A supermarket employee who was injured as a result of faulty stock moving equipment has been awarded a settlement in compensation.
The man worked for Tesco and was loading stock onto a lorry using a dolly – a low trolley with wheels used for moving loads too heavy to be carried by hand. When he rolled the dolly onto the tail lift, its back wheel slipped between the tail lift and the back of the lorry as it had not been securely attached. When he tried to recover the dolly by hand, he felt a sharp pain in his left arm.
He sought medical help and an examination revealed a severe strain that required a recovery period of ten months.
When he commenced a personal injury claim, Tesco initially contended that he was jointly liable for the injury on the ground that he should have reported the equipment failure and waited for help before proceeding to free the dolly. However, his lawyers argued that the accident had occurred when he was working at a temporary store and there was no member of staff available to whom he could have reported the fault.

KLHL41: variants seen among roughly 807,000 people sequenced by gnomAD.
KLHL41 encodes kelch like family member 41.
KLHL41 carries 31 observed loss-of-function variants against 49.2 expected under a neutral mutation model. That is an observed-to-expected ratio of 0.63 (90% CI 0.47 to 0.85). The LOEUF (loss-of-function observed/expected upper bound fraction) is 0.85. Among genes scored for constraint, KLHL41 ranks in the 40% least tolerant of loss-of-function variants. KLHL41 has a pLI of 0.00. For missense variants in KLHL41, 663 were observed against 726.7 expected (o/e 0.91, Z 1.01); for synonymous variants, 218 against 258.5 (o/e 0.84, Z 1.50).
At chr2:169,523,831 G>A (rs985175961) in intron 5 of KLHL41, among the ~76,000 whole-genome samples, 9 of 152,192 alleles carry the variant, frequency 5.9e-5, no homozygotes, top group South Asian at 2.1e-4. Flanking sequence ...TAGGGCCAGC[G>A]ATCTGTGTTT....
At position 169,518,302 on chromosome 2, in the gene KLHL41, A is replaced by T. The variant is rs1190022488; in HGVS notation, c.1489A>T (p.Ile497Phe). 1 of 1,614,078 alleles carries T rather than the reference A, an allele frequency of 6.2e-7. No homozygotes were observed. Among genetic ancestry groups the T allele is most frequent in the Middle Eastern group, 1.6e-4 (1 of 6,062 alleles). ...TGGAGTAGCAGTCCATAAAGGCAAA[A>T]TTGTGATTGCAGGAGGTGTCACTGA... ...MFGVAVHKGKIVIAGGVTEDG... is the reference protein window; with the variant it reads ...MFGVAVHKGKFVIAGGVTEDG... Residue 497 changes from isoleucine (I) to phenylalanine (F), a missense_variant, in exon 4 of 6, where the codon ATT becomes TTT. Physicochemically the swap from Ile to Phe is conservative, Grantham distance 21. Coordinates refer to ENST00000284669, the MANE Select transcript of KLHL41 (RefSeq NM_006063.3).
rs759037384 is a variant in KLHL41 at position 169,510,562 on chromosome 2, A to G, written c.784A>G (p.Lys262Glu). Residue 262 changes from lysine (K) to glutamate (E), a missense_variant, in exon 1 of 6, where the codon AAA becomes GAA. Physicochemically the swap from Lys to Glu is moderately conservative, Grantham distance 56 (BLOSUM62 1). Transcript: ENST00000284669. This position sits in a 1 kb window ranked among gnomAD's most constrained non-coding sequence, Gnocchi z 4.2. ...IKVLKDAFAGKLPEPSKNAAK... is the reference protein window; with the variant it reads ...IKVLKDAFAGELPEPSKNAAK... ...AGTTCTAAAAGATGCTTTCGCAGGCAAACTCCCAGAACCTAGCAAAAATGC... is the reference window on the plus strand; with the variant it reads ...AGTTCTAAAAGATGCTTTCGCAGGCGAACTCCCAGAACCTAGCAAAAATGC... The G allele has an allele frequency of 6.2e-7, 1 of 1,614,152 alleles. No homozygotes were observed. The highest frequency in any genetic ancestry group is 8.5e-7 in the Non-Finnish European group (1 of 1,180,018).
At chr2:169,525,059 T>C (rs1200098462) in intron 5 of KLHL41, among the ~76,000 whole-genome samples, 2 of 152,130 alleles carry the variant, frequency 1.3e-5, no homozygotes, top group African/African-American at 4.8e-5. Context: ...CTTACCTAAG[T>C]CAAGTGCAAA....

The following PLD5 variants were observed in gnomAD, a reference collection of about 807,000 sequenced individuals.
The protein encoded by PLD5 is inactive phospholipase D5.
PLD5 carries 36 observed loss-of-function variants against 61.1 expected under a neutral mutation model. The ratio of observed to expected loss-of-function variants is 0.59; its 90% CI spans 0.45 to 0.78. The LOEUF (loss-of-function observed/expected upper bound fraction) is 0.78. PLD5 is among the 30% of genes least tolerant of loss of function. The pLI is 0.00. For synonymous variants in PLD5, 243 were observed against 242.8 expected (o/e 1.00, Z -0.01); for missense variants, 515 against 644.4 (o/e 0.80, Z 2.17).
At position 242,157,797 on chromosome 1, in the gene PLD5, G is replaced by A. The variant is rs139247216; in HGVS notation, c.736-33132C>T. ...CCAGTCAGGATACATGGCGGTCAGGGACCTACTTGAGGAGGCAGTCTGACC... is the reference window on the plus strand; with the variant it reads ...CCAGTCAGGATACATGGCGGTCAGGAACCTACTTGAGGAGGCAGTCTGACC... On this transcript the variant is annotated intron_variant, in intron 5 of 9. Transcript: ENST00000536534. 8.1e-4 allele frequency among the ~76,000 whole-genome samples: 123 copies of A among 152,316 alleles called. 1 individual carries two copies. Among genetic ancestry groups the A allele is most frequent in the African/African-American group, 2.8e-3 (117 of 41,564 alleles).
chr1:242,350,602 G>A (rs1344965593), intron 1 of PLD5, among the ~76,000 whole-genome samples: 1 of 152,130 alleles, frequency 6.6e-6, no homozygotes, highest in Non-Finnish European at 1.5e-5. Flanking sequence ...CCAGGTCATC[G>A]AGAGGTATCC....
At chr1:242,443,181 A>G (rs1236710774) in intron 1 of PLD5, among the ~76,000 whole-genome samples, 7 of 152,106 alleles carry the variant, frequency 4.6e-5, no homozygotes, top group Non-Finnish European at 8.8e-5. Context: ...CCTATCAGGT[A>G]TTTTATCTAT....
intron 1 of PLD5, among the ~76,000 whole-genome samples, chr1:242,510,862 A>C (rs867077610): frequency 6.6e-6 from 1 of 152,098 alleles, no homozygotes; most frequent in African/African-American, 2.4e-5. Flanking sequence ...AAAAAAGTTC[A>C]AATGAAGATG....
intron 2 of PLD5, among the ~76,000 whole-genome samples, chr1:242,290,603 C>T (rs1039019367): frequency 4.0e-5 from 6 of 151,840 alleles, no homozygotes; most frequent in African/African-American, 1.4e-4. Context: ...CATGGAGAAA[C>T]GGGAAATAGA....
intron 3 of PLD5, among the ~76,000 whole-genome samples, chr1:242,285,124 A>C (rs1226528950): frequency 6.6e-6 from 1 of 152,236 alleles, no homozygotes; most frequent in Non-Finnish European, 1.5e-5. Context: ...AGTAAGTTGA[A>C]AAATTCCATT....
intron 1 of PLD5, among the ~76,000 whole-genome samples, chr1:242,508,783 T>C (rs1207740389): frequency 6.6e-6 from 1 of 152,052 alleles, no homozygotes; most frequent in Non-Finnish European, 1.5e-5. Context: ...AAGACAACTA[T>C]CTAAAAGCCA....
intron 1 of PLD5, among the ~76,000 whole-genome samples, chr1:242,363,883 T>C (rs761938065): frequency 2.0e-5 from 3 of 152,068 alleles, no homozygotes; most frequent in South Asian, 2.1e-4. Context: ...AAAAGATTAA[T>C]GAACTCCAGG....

Tesco then accepted full liability and a compensation package was agreed.
The Lifting Operations and Lifting Equipment Regulations 1998 place duties on people and companies who own, operate or have control over lifting equipment. Any business or organisation that undertakes lifting operations must manage and control the risks to avoid any injury or damage. Where lifting equipment is used, employers must:
- plan the task properly;
- use people who are sufficiently competent;
- supervise operations appropriately; and
- ensure that they are carried out in a safe manner.
The Regulations also require that all equipment used for lifting is fit for purpose, suitably marked and inspected regularly. Any defects found must be reported immediately.
The Health and Safety Executive has guidance on the safe use of lifting equipment.